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Moscow Host To Huge Population Of Strays

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posted on Jan, 20 2010 @ 05:15 PM
Found an interesting article about the stray dog population Of Moscow. Some scientists estimate the population around 35,000

Source Article

He quickly found that the strays were much easier to study than wolves. “To see a wild wolf is a real event,” he says. “You can see them, but not for very long and not at close range. But with stray dogs you can watch them for as long as you want and, for the most part, be quite near them.” According to Poyarkov, there are 30,000 to 35,000 stray dogs in Moscow, while the wolf population for the whole of Russia is about 50,000 to 60,000. Population density, he says, determines how frequently the animals come into contact with each other, which in turn affects their behaviour, psychology, stress levels, physiology and relationship to their environment.

Some of the dogs actually use the public transportation system-

Neuronov says there are some 500 strays that live in the metro stations, especially during the colder months, but only about 20 have learned how to ride the trains. This happened gradually, first as a way to broaden their territory. Later, it became a way of life. “Why should they go by foot if they can move around by public transport?” he asks. “They orient themselves in a number of ways,” Neuronov adds. “They figure out where they are by smell, by recognising the name of the station from the recorded announcer’s voice and by time intervals. If, for example, you come every Monday and feed a dog, that dog will know when it’s Monday and the hour to expect you, based on their sense of time intervals from their biological clocks.”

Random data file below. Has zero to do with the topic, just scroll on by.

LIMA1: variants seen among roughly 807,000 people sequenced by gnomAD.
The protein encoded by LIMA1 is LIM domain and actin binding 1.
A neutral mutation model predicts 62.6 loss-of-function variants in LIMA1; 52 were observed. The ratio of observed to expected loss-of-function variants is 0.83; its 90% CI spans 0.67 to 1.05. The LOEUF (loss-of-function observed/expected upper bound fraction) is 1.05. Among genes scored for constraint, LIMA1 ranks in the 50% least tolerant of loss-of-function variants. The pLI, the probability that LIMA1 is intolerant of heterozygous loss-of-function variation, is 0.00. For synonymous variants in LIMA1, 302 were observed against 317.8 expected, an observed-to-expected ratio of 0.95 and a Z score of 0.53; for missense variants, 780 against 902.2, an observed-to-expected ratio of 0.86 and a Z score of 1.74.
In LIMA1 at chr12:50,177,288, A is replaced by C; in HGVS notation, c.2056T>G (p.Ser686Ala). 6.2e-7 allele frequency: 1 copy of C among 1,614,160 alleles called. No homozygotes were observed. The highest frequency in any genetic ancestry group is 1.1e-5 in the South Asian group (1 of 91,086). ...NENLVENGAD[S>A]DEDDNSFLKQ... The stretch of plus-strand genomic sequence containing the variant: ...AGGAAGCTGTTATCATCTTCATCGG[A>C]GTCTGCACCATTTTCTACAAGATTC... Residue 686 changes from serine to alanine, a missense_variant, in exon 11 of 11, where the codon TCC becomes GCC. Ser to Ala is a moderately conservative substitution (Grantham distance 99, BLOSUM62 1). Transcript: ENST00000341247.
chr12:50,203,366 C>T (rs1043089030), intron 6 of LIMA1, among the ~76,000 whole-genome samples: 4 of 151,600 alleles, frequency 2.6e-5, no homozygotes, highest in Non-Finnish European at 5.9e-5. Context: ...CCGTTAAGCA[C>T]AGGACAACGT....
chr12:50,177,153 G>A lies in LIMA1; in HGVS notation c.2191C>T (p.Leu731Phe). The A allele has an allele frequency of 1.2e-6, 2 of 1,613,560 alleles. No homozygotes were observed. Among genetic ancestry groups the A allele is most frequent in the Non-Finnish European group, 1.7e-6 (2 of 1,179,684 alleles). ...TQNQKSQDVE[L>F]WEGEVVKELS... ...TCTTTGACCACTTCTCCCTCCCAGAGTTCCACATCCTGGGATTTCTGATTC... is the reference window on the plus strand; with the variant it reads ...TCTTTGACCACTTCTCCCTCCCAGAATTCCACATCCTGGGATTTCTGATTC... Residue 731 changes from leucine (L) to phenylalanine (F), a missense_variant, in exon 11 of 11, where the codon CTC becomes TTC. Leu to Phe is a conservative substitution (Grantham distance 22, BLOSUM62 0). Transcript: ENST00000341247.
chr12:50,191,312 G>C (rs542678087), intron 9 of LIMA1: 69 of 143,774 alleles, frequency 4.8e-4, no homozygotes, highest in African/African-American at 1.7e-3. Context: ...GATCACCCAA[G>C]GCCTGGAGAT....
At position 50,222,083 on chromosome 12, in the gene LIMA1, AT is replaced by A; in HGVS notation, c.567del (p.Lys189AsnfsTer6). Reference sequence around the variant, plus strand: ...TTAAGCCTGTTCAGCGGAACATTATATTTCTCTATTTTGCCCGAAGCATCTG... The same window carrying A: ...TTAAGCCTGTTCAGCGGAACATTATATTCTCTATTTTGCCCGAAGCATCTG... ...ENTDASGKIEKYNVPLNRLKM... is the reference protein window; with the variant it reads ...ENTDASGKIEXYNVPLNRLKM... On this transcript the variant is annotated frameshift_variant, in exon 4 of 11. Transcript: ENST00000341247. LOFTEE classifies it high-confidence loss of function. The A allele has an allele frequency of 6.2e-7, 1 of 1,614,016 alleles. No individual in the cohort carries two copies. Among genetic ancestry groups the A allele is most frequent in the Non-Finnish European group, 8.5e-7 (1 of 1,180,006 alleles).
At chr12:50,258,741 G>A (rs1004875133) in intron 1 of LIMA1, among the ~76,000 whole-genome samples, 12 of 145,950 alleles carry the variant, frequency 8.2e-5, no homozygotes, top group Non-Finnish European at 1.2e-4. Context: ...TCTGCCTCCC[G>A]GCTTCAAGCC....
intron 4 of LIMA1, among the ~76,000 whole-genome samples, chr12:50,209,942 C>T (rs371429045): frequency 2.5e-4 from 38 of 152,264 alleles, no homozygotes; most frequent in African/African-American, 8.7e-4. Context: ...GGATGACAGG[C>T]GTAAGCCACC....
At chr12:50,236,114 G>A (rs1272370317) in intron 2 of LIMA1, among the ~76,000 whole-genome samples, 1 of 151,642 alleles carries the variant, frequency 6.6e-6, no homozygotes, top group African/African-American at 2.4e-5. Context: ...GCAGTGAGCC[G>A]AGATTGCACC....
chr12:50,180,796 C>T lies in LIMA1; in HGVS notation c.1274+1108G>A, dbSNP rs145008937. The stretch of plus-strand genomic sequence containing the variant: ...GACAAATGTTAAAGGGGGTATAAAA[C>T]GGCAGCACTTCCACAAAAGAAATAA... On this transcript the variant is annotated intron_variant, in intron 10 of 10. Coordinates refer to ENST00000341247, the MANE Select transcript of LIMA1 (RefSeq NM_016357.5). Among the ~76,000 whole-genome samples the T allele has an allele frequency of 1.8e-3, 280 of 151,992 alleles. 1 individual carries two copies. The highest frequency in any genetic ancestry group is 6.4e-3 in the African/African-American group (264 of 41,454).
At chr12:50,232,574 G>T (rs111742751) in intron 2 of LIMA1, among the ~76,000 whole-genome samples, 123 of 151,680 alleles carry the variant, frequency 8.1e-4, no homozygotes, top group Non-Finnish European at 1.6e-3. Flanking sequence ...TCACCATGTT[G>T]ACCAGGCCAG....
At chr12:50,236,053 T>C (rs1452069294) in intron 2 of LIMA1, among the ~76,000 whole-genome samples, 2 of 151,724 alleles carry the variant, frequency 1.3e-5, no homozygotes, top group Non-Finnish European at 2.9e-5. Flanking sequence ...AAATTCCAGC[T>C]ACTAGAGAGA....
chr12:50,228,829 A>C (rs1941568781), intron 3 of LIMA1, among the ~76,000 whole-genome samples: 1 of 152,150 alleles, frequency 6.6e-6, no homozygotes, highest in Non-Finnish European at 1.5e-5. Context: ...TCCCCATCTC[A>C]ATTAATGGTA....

In a much publicized incident, a stray was killed with a knife...The killer went to jail and the city erected a statue in the dog's honor-

Romanova was arrested, tried and underwent a year of psychiatric treatment. Typically for Russia, this horror story was countered by a wellspring of sympathy for Moscow’s strays. A bronze statue of Malchik, paid for by donations, now stands at the entrance of Mendeleyevskaya station. It has become a symbol for the 35,000 stray dogs that roam Russia’s capital – about 84 dogs per square mile. You see them everywhere. They lie around in the courtyards of apartment complexes, wander near markets and kiosks, and sleep inside metro stations and pedestrian passageways. You can hear them barking and howling at night. And the strays on Moscow’s streets do not look anything like the purebreds preferred by status-conscious Muscovites. They look like a breed apart.

Interesting how the city has learned to live with and love these dogs....many residents are thankful they keep the rat population under control.

Any Russian ATS Members aware of this or would care to comment on it?

posted on Jan, 20 2010 @ 05:23 PM
Dogs have lived symbiotically with us for a long time. It's interesting how even 20 of them figured out if the rode the train it would take them to where they wanted to go. It's more astonishing that they are accepted by the city, and I'm sure they play a vital role in their urban habitat. (as they control pest populations).

What I want to know is how many of them became feral? Or did they adapt to living along side us so well that they are no longer aggressive towards us? (I'm sure there are some vicious dogs)

It may seem mundane to study dogs but in this case I think we could learn a lot.

I wouldn't be surprised if they are no longer aggressive to humans. Any dog owner has seen the friendly side of the species.

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